Under a homeowner's policy including coverage of theft, loss of personalty owned by others than the insured, an owner who was permitted by the insured to store personalty in the basement of the dwelling covered by the policy had no right of action on the policy against the insurer for recovery of its theft loss.
The defendant appeals from the judgment for the plaintiff and antecedent orders in an action on an insurance contract, "homeowner's policy." The complaint showed that the insured had permitted the plaintiff to store certain personal property owned by the plaintiff in the basement of the dwelling covered by the policy and this property was stolen.
The plaintiff was not an insured under the contract, but contends that it is entitled to bring this action because the contract insured the loss of property which it owned: "This policy covers unscheduled personal property usual or incidental to the occupancy of the premises as a dwelling, owned, worn, or used by an insured, while on the premises, or at the option of the named insured, owned by others while on the portion of the premises occupied exclusively by the insured." The plaintiff relics upon Code 3-108, as amended by Ga. L. 1949, p. 455. "As a general rule, the action on a contract shall be brought in the name of the party in whom the legal interest in such contract is vested, and against the party who made it in person or by agent. The beneficiary of a contract made between other parties for his benefit may maintain an action against the promisor on said contract."
The case relied upon by the plaintiff, Assurance Co. of America v. Bell, 108 Ga. App. 766 (134 SE2d 510)
, differs from and is not controlling in the present case. There the plaintiff, who brought the action on the personal liability coverage of a homeowner's policy, was the named insured, and the policy contained an agreement that the insured could settle a claim for loss against him. The following was that the insured was a proper plaintiff in that action to recover sums he had expended to repair damage to a guest's automobile caused by the insured's three-year-old-son. The effect of the amendment of Code 3-108, supra, authorizing the beneficiary of a contract to maintain an action against the promisor was not considered in that case. Assurance Co. of America v. Bell, supra, p. 771.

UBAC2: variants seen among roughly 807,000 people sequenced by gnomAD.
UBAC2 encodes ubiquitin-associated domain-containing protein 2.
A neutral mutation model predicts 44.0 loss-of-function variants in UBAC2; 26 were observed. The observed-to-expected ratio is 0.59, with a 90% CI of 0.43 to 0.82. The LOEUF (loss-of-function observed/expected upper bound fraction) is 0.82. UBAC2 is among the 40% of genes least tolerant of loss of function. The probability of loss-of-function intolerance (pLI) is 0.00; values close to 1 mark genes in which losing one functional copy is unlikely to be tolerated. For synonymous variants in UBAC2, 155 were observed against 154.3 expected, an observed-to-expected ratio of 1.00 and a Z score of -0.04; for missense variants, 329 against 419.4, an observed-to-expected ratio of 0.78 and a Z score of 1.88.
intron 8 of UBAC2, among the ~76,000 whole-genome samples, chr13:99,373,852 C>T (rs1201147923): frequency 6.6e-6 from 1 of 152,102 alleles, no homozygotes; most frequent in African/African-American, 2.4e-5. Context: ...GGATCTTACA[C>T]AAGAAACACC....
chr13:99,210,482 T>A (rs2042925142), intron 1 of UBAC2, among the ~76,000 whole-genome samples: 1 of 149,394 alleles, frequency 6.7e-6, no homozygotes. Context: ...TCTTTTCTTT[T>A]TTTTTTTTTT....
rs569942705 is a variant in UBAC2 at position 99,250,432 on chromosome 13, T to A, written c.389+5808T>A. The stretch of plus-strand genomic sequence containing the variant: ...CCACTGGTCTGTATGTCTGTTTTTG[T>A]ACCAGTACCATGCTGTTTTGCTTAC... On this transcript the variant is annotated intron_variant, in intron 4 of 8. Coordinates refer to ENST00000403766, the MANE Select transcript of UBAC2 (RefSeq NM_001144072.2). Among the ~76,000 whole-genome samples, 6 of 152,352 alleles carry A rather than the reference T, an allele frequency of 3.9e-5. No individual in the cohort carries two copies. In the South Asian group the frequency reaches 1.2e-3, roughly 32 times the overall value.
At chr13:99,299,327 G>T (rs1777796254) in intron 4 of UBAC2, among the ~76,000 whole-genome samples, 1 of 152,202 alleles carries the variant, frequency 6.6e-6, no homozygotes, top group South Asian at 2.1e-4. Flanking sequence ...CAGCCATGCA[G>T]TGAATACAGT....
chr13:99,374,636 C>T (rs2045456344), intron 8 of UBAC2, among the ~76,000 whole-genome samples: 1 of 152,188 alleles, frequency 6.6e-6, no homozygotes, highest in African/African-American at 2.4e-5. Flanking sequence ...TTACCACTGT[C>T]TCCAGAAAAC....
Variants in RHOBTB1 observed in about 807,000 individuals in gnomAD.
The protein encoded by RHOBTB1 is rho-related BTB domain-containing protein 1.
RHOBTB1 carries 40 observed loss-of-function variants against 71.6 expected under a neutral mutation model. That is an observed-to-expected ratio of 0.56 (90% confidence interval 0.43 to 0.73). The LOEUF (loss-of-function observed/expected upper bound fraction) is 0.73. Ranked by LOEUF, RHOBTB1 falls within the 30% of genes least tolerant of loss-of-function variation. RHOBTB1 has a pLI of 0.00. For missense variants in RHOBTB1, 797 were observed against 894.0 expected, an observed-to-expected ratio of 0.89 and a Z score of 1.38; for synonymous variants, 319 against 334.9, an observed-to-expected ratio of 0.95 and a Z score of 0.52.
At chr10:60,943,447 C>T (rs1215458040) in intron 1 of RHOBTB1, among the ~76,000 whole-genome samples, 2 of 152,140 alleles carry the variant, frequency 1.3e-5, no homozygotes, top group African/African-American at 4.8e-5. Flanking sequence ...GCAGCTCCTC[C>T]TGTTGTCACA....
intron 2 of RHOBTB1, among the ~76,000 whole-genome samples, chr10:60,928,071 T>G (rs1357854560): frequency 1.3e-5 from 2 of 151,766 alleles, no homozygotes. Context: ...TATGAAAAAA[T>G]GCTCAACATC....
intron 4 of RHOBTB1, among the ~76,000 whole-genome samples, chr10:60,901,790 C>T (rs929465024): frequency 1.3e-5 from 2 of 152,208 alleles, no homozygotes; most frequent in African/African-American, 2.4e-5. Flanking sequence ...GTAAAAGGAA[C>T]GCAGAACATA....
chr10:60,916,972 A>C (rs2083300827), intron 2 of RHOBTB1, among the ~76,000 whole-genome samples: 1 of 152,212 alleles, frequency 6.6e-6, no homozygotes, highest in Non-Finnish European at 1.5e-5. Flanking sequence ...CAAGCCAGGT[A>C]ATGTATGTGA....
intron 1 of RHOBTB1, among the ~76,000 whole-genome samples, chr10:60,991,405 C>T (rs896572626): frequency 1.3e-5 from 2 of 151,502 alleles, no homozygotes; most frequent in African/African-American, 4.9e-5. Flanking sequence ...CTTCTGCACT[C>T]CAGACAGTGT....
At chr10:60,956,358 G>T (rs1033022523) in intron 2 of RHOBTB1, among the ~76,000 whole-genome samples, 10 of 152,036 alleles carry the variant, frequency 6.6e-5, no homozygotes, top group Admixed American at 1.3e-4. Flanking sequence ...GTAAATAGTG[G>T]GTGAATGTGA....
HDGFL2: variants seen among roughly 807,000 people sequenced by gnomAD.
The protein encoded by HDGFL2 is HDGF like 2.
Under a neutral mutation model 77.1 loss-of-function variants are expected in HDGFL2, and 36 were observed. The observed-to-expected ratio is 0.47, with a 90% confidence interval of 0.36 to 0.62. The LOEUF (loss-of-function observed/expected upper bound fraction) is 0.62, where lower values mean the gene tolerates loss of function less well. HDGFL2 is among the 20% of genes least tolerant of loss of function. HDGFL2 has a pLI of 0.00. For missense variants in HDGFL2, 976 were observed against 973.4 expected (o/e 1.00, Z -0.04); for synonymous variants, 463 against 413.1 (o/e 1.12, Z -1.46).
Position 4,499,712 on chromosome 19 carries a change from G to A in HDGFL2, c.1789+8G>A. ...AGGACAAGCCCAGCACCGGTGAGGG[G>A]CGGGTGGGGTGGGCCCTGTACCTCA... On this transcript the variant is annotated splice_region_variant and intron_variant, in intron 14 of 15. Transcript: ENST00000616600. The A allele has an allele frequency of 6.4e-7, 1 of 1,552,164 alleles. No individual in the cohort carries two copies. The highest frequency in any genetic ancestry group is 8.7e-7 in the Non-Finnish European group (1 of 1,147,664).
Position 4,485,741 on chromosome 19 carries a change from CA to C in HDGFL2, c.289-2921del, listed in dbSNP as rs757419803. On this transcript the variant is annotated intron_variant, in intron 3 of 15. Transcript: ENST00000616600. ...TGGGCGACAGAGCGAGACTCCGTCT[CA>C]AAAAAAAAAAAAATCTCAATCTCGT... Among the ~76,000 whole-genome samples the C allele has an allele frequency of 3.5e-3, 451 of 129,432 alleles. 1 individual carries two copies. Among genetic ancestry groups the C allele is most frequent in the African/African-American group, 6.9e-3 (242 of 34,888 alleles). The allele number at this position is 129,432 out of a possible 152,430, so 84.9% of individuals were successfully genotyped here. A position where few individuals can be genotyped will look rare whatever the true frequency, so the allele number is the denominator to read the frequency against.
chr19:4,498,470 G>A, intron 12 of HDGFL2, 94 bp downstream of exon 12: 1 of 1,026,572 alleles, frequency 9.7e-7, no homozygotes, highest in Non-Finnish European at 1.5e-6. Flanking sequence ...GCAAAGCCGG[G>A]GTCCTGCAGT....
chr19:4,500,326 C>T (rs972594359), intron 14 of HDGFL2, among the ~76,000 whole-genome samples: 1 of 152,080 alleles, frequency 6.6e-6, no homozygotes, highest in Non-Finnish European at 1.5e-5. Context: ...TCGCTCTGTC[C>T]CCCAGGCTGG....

In Murray v. Life Ins. Co. of Ga., 107 Ga. App. 545 (130 SE2d 767)
, this court considered a credit insurance policy, reciting that it "insures certain debtors of the creditor against the contingency of death, and . . . permanent disability and agrees to pay the creditor" the balance of indebtedness in the event of such contingencies. The debtor paid for the premiums through the creditor. This court held that the legal and beneficial interest in the contract was in the creditor and the debtor had no cause of action thereunder for the insurer's failure to pay the debtor or the creditor on a disability claim by the debtor. Citing the Murray case, the court held in Insureds Lloyds v. Bobo, 116 Ga. App. 89 (156 SE2d 518)
, that the owner of an automobile consigned for sale to an insured automobile dealer was not a beneficiary within the purview of Code Ann. 3-108, supra, so as to entitle him to maintain an action against the insured which issued the policy naming the dealer as the insured and covering theft loss of "automobiles consigned to or owned by the insured and held for sale or used in the insured's business."
By its facts the present case falls under the holding in the Murray and Bobo cases, supra.
The trial court erred in overruling the defendant's demurrer on the ground that this plaintiff had no right to sue the insurer under the policy.
Judgment reversed. Bell, P. J., and Quillian, J., concur.